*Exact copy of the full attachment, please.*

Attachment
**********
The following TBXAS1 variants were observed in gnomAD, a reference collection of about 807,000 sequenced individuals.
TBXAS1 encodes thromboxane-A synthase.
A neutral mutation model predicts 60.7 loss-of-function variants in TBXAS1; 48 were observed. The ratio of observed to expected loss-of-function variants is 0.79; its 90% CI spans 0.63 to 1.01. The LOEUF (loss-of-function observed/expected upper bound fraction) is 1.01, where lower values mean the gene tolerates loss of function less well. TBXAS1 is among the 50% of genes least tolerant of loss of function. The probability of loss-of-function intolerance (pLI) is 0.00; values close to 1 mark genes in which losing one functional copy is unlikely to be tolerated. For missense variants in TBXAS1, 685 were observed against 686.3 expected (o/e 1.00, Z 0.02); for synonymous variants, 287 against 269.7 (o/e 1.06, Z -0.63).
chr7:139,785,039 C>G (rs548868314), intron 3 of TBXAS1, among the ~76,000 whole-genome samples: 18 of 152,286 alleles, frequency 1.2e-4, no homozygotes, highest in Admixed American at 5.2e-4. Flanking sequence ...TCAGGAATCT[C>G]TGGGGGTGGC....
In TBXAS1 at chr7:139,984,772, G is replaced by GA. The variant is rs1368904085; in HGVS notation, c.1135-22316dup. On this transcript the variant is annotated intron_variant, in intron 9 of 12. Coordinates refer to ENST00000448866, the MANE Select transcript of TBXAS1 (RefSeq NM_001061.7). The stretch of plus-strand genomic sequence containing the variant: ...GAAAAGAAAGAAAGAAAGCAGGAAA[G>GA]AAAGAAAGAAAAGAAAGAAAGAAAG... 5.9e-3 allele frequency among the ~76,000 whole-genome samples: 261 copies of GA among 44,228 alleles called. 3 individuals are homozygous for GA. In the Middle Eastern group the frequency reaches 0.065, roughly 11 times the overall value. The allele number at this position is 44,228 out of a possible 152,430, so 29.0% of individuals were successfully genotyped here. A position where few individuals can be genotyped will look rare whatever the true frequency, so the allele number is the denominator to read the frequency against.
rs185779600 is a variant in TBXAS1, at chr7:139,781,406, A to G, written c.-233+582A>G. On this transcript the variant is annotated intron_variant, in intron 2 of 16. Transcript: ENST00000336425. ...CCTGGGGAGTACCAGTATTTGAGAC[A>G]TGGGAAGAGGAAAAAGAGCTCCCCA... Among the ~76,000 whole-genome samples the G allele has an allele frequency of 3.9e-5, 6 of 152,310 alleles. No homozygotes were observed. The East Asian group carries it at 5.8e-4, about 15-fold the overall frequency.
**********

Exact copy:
The following TBXAS1 variants were observed in gnomAD, a reference collection of about 807,000 sequenced individuals.
TBXAS1 encodes thromboxane-A synthase.
A neutral mutation model predicts 60.7 loss-of-function variants in TBXAS1; 48 were observed. The ratio of observed to expected loss-of-function variants is 0.79; its 90% CI spans 0.63 to 1.01. The LOEUF (loss-of-function observed/expected upper bound fraction) is 1.01, where lower values mean the gene tolerates loss of function less well. TBXAS1 is among the 50% of genes least tolerant of loss of function. The probability of loss-of-function intolerance (pLI) is 0.00; values close to 1 mark genes in which losing one functional copy is unlikely to be tolerated. For missense variants in TBXAS1, 685 were observed against 686.3 expected (o/e 1.00, Z 0.02); for synonymous variants, 287 against 269.7 (o/e 1.06, Z -0.63).
chr7:139,785,039 C>G (rs548868314), intron 3 of TBXAS1, among the ~76,000 whole-genome samples: 18 of 152,286 alleles, frequency 1.2e-4, no homozygotes, highest in Admixed American at 5.2e-4. Flanking sequence ...TCAGGAATCT[C>G]TGGGGGTGGC....
In TBXAS1 at chr7:139,984,772, G is replaced by GA. The variant is rs1368904085; in HGVS notation, c.1135-22316dup. On this transcript the variant is annotated intron_variant, in intron 9 of 12. Coordinates refer to ENST00000448866, the MANE Select transcript of TBXAS1 (RefSeq NM_001061.7). The stretch of plus-strand genomic sequence containing the variant: ...GAAAAGAAAGAAAGAAAGCAGGAAA[G>GA]AAAGAAAGAAAAGAAAGAAAGAAAG... 5.9e-3 allele frequency among the ~76,000 whole-genome samples: 261 copies of GA among 44,228 alleles called. 3 individuals are homozygous for GA. In the Middle Eastern group the frequency reaches 0.065, roughly 11 times the overall value. The allele number at this position is 44,228 out of a possible 152,430, so 29.0% of individuals were successfully genotyped here. A position where few individuals can be genotyped will look rare whatever the true frequency, so the allele number is the denominator to read the frequency against.
rs185779600 is a variant in TBXAS1, at chr7:139,781,406, A to G, written c.-233+582A>G. On this transcript the variant is annotated intron_variant, in intron 2 of 16. Transcript: ENST00000336425. ...CCTGGGGAGTACCAGTATTTGAGAC[A>G]TGGGAAGAGGAAAAAGAGCTCCCCA... Among the ~76,000 whole-genome samples the G allele has an allele frequency of 3.9e-5, 6 of 152,310 alleles. No homozygotes were observed. The East Asian group carries it at 5.8e-4, about 15-fold the overall frequency.